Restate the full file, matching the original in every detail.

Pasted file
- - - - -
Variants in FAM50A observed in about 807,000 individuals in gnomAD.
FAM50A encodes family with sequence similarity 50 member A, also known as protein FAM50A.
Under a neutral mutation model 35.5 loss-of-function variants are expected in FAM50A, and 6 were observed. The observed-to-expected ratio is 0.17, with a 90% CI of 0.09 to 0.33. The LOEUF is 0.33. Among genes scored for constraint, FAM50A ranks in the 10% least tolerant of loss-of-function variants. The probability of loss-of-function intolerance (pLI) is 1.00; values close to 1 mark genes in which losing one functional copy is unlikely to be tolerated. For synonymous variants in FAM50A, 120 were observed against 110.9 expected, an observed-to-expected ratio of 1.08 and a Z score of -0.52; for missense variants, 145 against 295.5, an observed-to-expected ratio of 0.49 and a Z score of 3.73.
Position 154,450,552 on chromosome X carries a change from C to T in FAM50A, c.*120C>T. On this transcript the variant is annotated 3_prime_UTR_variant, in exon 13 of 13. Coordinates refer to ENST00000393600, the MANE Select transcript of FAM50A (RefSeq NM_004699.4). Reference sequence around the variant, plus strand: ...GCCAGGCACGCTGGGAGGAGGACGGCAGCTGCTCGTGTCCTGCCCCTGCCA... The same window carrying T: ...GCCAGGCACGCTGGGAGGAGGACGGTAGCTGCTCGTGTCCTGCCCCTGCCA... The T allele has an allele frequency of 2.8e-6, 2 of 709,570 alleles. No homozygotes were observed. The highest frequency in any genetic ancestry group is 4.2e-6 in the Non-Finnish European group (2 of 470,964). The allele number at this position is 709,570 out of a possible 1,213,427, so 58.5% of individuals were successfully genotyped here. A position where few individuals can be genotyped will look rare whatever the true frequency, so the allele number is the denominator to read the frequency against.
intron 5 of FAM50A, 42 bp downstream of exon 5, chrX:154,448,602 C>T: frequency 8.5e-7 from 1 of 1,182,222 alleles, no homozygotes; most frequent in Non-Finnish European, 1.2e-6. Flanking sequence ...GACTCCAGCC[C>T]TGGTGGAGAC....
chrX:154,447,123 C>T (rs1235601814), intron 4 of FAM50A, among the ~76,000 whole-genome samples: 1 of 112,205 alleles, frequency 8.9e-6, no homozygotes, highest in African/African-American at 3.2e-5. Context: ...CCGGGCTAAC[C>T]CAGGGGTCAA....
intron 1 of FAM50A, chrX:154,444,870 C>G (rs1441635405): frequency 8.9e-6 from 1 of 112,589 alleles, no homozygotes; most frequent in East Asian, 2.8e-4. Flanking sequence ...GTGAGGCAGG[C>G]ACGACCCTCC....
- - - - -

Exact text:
Variants in FAM50A observed in about 807,000 individuals in gnomAD.
FAM50A encodes family with sequence similarity 50 member A, also known as protein FAM50A.
Under a neutral mutation model 35.5 loss-of-function variants are expected in FAM50A, and 6 were observed. The observed-to-expected ratio is 0.17, with a 90% CI of 0.09 to 0.33. The LOEUF is 0.33. Among genes scored for constraint, FAM50A ranks in the 10% least tolerant of loss-of-function variants. The probability of loss-of-function intolerance (pLI) is 1.00; values close to 1 mark genes in which losing one functional copy is unlikely to be tolerated. For synonymous variants in FAM50A, 120 were observed against 110.9 expected, an observed-to-expected ratio of 1.08 and a Z score of -0.52; for missense variants, 145 against 295.5, an observed-to-expected ratio of 0.49 and a Z score of 3.73.
Position 154,450,552 on chromosome X carries a change from C to T in FAM50A, c.*120C>T. On this transcript the variant is annotated 3_prime_UTR_variant, in exon 13 of 13. Coordinates refer to ENST00000393600, the MANE Select transcript of FAM50A (RefSeq NM_004699.4). Reference sequence around the variant, plus strand: ...GCCAGGCACGCTGGGAGGAGGACGGCAGCTGCTCGTGTCCTGCCCCTGCCA... The same window carrying T: ...GCCAGGCACGCTGGGAGGAGGACGGTAGCTGCTCGTGTCCTGCCCCTGCCA... The T allele has an allele frequency of 2.8e-6, 2 of 709,570 alleles. No homozygotes were observed. The highest frequency in any genetic ancestry group is 4.2e-6 in the Non-Finnish European group (2 of 470,964). The allele number at this position is 709,570 out of a possible 1,213,427, so 58.5% of individuals were successfully genotyped here. A position where few individuals can be genotyped will look rare whatever the true frequency, so the allele number is the denominator to read the frequency against.
intron 5 of FAM50A, 42 bp downstream of exon 5, chrX:154,448,602 C>T: frequency 8.5e-7 from 1 of 1,182,222 alleles, no homozygotes; most frequent in Non-Finnish European, 1.2e-6. Flanking sequence ...GACTCCAGCC[C>T]TGGTGGAGAC....
chrX:154,447,123 C>T (rs1235601814), intron 4 of FAM50A, among the ~76,000 whole-genome samples: 1 of 112,205 alleles, frequency 8.9e-6, no homozygotes, highest in African/African-American at 3.2e-5. Context: ...CCGGGCTAAC[C>T]CAGGGGTCAA....
intron 1 of FAM50A, chrX:154,444,870 C>G (rs1441635405): frequency 8.9e-6 from 1 of 112,589 alleles, no homozygotes; most frequent in East Asian, 2.8e-4. Flanking sequence ...GTGAGGCAGG[C>G]ACGACCCTCC....